3 Years After Fukushima, a Handful of Refugees Finally Return Home

A district inside the city of Tamura is letting people back in for the first time since 2011.

Residents of Tamura's Miyakoji, a neighborhood 12 miles from Fukushima's nuclear power plant, were allowed to return home this week for the first time since the earthquake, tsunami, and nuclear meltdown on March 11, 2011.

Over 160,000 people in surrounding towns were evacuated after the disaster. According to Reuters, one third of them still live in temporary housing while the Japanese government proceeds with $30 billion worth of decontamination work. According to the Associated Press, evacuees receive $1,000 a month from the government and a one-time $9,000 payment for moving back to their home once their town is declared safe. 

The reopening of the district is seen by some as a return to normalcy. One Tamura resident who works for a non-profit helping with the city's recovery efforts tells the AP, "people want to go back and lead proper lives, a kind of life where they can feel their feet are on the ground." But not everyone is on board. Kitaro Saito, a local who doesn't think it's safe to move back tells Reuters, "relatives are arguing over what to do," adding, "the town will be broken up."

Radiation levels in selected spots around Miyakoji, according to February's official readings, ranged from as low as 0.11 microsieverts per hour to 0.48 in February. For comparison, central Tokyo yesterday measured 0.034 microsieverts per hour.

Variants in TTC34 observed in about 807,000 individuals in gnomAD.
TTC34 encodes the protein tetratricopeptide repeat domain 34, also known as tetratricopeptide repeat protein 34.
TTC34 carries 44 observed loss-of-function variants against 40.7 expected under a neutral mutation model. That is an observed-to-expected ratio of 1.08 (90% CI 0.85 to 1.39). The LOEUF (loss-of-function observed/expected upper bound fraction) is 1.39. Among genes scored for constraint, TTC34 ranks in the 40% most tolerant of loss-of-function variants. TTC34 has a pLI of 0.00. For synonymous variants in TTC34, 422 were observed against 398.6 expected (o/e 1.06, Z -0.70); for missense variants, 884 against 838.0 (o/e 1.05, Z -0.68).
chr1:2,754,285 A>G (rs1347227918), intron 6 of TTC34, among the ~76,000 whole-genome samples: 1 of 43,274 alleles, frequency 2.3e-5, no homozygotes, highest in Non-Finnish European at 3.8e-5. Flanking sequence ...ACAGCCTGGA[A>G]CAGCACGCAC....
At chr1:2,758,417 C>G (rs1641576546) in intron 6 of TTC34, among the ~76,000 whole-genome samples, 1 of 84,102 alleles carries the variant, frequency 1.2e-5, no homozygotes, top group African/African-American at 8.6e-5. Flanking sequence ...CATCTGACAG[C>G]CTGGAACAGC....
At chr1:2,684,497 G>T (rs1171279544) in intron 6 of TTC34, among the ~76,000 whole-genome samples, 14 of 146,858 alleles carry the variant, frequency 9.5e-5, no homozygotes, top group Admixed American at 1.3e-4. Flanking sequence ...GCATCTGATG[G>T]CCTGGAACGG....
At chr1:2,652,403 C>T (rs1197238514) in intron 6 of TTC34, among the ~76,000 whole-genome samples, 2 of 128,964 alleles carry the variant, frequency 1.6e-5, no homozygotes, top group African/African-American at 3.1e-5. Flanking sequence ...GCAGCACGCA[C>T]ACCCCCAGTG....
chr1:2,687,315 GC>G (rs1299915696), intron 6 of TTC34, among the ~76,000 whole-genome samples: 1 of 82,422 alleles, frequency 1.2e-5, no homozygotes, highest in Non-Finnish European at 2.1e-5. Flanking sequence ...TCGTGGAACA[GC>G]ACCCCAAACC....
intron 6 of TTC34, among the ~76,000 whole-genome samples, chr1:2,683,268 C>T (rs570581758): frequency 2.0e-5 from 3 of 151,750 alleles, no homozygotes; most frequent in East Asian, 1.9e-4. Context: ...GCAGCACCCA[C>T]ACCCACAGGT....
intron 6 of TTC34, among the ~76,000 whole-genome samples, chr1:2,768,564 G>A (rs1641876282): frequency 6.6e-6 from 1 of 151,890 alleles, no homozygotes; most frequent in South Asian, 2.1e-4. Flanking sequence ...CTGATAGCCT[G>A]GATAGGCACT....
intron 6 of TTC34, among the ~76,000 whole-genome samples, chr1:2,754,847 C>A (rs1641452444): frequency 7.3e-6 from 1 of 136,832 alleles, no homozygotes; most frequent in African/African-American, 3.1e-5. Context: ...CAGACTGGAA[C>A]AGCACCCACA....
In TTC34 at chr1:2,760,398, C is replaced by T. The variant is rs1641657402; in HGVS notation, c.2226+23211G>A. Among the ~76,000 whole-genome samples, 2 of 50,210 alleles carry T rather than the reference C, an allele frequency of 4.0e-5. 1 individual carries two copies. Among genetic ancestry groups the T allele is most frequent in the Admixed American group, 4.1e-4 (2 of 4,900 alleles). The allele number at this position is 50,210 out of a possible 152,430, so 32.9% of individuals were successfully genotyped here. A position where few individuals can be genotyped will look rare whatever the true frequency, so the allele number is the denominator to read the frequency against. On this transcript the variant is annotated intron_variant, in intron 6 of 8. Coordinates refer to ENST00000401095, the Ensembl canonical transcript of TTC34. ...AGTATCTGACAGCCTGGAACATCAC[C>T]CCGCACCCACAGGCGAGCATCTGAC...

A security personnel holds a flag, which reads "Please Stop!", as he stand by a steel gate that marks the border between Tamura and Okuma town in Okuma town, Fukushima prefecture April 1, 2014. (REUTERS/Issei Kato)
A man walks near waste containing radiated soil, leaves and debris from the decontamination operation at a storage site at Miyakoji area in Tamura, Fukushima prefecture, April 1, 2014. (REUTERS/Issei Kato)
A woman walks in a temporary housing complex where evacuees from the Miyakoji area of Tamura are living, at Funahiki area in Tamura, Fukushima prefecture, April 1, 2014. (REUTERS/Issei Kato)
Toshio Koyama, 76, who evacuated from the Miyakoji area of Tamura three years ago, looks at a damaged silkworm factory near his house after he returned home with his wife Kimiko, 69, in Tamura, Fukushima prefecture April 1, 2014.  (REUTERS/Issei Kato)
Kimiko Koyama, 69, who evacuated from Miyakoji area of Tamura three years ago, adjusts portraits of her deceased parents after she returned to her home with her husband Toshio, 76, in Tamura, Fukushima prefecture April 1, 2014. (REUTERS/Issei Kato) 
Teachers decorate a playroom at a Miyakoji child care center at Miyakoji area in Tamura, Fukushima prefecture, April 1, 2014. (REUTERS/Issei Kato)
A sign board reading "That's Enough, Radiation" is put along a street at Miyakoji area in Tamura, Fukushima prefecture, April 1, 2014. (REUTERS/Issei Kato)

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